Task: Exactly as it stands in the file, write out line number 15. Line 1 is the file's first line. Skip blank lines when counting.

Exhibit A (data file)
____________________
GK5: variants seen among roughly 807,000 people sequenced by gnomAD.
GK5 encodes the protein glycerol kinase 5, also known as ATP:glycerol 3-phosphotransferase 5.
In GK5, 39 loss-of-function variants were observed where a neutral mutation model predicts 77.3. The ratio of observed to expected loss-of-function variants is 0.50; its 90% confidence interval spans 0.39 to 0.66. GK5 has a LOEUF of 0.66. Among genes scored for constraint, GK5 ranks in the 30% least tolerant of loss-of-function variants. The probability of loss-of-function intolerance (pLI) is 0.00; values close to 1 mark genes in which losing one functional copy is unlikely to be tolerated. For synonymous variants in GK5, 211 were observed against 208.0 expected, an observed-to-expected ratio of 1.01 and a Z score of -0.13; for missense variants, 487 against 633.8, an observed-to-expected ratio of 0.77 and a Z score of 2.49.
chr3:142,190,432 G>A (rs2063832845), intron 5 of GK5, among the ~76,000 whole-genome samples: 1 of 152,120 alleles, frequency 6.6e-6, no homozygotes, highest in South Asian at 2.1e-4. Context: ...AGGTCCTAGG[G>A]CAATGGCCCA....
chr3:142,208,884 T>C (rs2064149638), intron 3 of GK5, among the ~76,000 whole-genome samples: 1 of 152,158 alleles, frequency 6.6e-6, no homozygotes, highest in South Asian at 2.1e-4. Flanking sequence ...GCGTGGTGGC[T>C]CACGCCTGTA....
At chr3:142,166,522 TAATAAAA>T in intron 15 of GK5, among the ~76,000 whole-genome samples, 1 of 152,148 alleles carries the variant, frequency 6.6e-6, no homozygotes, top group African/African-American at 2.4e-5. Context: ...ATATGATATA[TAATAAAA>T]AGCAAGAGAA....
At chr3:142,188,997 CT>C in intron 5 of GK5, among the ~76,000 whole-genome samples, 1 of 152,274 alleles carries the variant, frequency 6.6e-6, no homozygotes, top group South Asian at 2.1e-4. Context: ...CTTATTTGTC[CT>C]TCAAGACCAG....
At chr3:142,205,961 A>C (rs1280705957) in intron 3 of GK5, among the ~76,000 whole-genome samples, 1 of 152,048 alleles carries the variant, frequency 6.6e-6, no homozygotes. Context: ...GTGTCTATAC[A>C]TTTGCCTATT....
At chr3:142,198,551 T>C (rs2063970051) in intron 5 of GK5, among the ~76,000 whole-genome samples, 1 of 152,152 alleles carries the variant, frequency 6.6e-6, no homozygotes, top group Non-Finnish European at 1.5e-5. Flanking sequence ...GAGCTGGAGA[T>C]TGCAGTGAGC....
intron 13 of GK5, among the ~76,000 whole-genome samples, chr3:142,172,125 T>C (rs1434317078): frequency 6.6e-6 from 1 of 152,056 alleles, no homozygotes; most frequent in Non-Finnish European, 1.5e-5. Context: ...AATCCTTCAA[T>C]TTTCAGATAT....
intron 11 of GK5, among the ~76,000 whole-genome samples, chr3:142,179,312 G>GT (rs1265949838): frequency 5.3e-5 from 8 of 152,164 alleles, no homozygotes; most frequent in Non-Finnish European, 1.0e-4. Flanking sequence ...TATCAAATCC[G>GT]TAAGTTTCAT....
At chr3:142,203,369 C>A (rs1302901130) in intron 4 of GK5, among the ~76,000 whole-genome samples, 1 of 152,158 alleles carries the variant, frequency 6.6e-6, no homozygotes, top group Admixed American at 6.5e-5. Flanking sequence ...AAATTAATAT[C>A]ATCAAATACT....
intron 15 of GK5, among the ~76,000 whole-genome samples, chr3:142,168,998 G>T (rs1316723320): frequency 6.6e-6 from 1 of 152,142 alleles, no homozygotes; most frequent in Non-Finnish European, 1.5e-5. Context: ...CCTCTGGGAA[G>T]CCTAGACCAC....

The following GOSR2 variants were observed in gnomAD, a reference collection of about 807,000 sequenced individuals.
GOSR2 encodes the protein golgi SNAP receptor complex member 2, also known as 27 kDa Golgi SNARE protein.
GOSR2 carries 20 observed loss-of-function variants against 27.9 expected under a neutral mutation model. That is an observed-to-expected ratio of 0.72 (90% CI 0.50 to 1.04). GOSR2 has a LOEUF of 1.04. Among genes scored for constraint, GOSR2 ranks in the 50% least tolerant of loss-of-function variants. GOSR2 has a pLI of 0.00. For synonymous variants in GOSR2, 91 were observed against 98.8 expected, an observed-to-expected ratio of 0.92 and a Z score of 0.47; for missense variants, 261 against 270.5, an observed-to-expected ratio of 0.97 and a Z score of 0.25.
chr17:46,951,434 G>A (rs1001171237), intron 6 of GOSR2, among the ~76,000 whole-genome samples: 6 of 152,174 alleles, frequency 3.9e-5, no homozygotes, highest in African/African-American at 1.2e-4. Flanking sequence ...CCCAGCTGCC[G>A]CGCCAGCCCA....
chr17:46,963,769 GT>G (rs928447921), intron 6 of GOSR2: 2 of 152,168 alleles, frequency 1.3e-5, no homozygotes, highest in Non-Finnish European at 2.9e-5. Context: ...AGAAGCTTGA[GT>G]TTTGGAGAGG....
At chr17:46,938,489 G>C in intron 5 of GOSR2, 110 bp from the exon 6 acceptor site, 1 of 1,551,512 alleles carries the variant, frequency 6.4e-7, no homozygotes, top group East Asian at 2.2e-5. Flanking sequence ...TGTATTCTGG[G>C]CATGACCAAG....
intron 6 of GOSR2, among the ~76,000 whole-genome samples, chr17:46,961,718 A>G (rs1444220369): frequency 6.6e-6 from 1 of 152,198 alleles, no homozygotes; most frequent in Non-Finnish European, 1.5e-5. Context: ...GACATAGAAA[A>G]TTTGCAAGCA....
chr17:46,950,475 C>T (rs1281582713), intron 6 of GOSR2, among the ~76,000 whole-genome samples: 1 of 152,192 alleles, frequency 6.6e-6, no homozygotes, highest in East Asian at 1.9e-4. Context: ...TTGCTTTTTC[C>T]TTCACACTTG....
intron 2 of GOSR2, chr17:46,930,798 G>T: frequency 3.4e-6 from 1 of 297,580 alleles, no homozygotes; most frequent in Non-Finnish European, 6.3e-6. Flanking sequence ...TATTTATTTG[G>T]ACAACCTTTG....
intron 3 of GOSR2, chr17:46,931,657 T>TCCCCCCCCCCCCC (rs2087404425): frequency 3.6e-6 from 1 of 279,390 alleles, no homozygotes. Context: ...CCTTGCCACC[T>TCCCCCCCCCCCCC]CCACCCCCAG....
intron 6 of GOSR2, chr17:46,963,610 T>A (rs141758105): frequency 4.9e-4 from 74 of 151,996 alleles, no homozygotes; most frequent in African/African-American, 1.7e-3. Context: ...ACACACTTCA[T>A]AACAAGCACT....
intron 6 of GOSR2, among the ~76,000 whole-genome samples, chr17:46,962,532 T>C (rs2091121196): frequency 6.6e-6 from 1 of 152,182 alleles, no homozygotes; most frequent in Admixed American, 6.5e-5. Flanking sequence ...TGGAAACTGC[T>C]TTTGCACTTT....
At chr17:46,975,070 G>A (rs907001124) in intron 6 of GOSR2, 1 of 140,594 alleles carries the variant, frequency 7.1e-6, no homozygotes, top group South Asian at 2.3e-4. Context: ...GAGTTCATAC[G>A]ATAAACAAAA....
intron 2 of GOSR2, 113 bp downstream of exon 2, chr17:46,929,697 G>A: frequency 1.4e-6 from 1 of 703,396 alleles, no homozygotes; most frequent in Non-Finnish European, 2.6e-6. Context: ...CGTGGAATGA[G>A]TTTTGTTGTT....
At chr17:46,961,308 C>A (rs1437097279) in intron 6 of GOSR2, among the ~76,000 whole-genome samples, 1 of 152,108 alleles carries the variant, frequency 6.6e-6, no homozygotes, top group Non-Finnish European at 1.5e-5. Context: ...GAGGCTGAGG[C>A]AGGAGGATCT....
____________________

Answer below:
GOSR2 encodes the protein golgi SNAP receptor complex member 2, also known as 27 kDa Golgi SNARE protein.